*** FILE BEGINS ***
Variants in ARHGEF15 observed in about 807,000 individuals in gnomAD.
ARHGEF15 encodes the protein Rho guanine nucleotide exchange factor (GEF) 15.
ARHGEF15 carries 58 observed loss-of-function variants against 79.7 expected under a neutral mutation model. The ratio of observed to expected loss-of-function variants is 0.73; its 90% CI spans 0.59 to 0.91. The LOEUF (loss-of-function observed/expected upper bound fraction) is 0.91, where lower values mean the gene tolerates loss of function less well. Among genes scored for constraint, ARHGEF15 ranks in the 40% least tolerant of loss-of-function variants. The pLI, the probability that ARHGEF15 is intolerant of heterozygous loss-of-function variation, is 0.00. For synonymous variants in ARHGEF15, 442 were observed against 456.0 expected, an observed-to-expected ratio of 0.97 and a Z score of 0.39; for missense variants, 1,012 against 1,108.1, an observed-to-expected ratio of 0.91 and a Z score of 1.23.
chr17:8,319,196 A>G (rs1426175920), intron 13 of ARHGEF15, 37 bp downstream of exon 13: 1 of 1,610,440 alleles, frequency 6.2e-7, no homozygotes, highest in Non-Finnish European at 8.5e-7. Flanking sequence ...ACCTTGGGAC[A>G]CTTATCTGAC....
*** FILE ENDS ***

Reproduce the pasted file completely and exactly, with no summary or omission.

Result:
Variants in ARHGEF15 observed in about 807,000 individuals in gnomAD.
ARHGEF15 encodes the protein Rho guanine nucleotide exchange factor (GEF) 15.
ARHGEF15 carries 58 observed loss-of-function variants against 79.7 expected under a neutral mutation model. The ratio of observed to expected loss-of-function variants is 0.73; its 90% CI spans 0.59 to 0.91. The LOEUF (loss-of-function observed/expected upper bound fraction) is 0.91, where lower values mean the gene tolerates loss of function less well. Among genes scored for constraint, ARHGEF15 ranks in the 40% least tolerant of loss-of-function variants. The pLI, the probability that ARHGEF15 is intolerant of heterozygous loss-of-function variation, is 0.00. For synonymous variants in ARHGEF15, 442 were observed against 456.0 expected, an observed-to-expected ratio of 0.97 and a Z score of 0.39; for missense variants, 1,012 against 1,108.1, an observed-to-expected ratio of 0.91 and a Z score of 1.23.
chr17:8,319,196 A>G (rs1426175920), intron 13 of ARHGEF15, 37 bp downstream of exon 13: 1 of 1,610,440 alleles, frequency 6.2e-7, no homozygotes, highest in Non-Finnish European at 8.5e-7. Flanking sequence ...ACCTTGGGAC[A>G]CTTATCTGAC....